Dragonfly GolfTales RJSmiley

Dragonfly On Hat

They are beautiful. They are harmless. They eat misquotes. I love dragonflies.

For the past 15 years the same group of senior women have played golf each Wednesday morning at Highland Greens Executive Golf Course in Bloomington, MN.  From week to week the foursomes might vary, but the usually group it is Barb, Phillis, Betty and Glades.  The weekly round of golf is always followed by lunch, where this special group of women engage in lively, no-holds-barred, conversation .  By sharing their most imminent secrets, they have become great friends who have laughed, cried and experienced all of life’s emotions together.

Over the years Mother Nature has provided our group a potpourri of, ready for National Geographic, adventures; from foxes catching rabbits to placing fallen robin chicks back in their nest.  But on this particular Wednesday, Mother Nature provided this group of octogenarians a special show: An up-close look at an orange Dragonfly.

On the second hole as Barb leaned over to mark her ball, Phillis remarked, “Barb I see that you have a special friend attached to the button on your golf cap.  That Dragonfly is almost the exact same color as your faded orange cap.”

Bard stood a little startle.  With her mind racing, she thought.  Do they bite?  Should I kill it?  What should I do?  

Before Barb could swat it away, Phillis said, “let me see if I can get a picture of that beautiful creature before it flies away.  I have my iPhone right here.”  As Phillis snapped shot after shot from ever closer distance the unfazed dragonfly never moved.  Even with the phone within a few inches the photographer’s model never wiggled, even a wing tip.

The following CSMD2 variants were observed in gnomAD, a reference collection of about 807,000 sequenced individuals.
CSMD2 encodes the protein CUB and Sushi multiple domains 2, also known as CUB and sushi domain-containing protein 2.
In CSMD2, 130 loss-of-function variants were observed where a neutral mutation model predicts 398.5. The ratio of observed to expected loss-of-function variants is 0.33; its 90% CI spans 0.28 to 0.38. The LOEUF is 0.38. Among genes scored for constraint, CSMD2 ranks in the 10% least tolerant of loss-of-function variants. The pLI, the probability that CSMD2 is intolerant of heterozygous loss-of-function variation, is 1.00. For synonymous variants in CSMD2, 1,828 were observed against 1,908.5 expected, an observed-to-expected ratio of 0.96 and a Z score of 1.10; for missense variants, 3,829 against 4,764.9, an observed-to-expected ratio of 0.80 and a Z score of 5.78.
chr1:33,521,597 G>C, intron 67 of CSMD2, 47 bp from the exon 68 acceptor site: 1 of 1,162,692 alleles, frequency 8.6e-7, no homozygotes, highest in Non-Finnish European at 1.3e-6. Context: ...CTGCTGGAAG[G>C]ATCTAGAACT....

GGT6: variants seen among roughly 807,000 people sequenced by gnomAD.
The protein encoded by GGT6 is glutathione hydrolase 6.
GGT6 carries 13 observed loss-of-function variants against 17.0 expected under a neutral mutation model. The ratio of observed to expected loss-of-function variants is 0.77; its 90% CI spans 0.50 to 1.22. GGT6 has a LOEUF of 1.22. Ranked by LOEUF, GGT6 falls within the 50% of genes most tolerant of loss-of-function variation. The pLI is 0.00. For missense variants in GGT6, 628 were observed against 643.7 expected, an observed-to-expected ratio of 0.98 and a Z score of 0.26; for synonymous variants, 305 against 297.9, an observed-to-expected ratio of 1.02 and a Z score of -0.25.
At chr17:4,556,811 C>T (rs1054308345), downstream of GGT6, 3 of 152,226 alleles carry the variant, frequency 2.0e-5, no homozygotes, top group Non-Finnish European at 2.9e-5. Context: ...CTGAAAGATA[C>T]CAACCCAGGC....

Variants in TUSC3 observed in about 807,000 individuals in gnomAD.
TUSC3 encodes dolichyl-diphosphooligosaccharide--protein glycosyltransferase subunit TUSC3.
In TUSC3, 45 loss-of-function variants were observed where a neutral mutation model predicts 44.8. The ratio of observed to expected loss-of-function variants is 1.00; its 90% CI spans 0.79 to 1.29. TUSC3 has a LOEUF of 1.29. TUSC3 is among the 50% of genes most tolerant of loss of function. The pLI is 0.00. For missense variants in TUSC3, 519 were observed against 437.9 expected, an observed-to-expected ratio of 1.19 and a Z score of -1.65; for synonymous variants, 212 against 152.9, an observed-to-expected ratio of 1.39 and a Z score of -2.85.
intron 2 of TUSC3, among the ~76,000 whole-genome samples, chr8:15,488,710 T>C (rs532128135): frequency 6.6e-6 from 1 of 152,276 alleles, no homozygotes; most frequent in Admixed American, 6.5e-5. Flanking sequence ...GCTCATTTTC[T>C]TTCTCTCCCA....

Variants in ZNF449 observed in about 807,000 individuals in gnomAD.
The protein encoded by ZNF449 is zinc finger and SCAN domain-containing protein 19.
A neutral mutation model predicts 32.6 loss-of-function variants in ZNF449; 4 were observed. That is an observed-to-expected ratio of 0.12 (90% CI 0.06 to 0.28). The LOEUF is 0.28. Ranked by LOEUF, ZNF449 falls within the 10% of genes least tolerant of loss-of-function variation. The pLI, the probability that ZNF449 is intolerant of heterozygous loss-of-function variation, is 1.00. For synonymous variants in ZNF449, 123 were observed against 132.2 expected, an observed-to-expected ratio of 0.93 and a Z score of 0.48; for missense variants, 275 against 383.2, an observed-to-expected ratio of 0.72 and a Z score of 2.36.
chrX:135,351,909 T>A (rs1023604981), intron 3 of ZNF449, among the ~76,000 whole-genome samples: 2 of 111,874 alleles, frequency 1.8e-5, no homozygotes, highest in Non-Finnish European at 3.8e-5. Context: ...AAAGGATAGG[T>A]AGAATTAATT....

Gaining a bit her composure, Barb said, “if I can’t shoo it away at least let me see a picture if it.”  As the foursome viewed the images on Phillis’ phone, each from closer range, the Dragonfly remained motionless.  Now completely relaxed, Barb began to enjoy being the center of attention along with her passenger.  Comments were made at the end of each hole during the round.  “Maybe it wants to mate with you!”  “Do you think you could get pregnant at your age?”  “If it lays eggs on your hat do you think that they will hatch?”

Somewhere during the eight hole the four winged passenger silently departed, leaving our foursome a little sad!

Much of the conversation over lunch was discussing the various facts about Dragonflies found on Google searches on iPhones and iPads:  “Wow, did you know that Dragonflies eat between 30 and 100 misquotes per day!”  “It says here that prehistoric Dragonflies had a wing span of over 2 feet.”  “The head of a Dragonfly is almost all eyes.  They can see everywhere except behind themselves.”  They can fly up, down, even backwards.  Scientists are studying them, to learn how to copy their flying abilities.”

The following week Glades brought a video showing amazing Dragonfly facts discovered by a group of college students.  One of the most interesting facts is that these proficient insect hunters have a kill rate of 90% plus.  They don’t bite humans but are sometimes attracted by color of clothing or a certain scent that a person might produce.   Dragonflies many times follow large animals, including humans, as they move through grassy areas flushing insects from their hiding places.

So, Barb said with a twinkle in her eye, “how do we top this Dragonfly adventure with next week’s round?”

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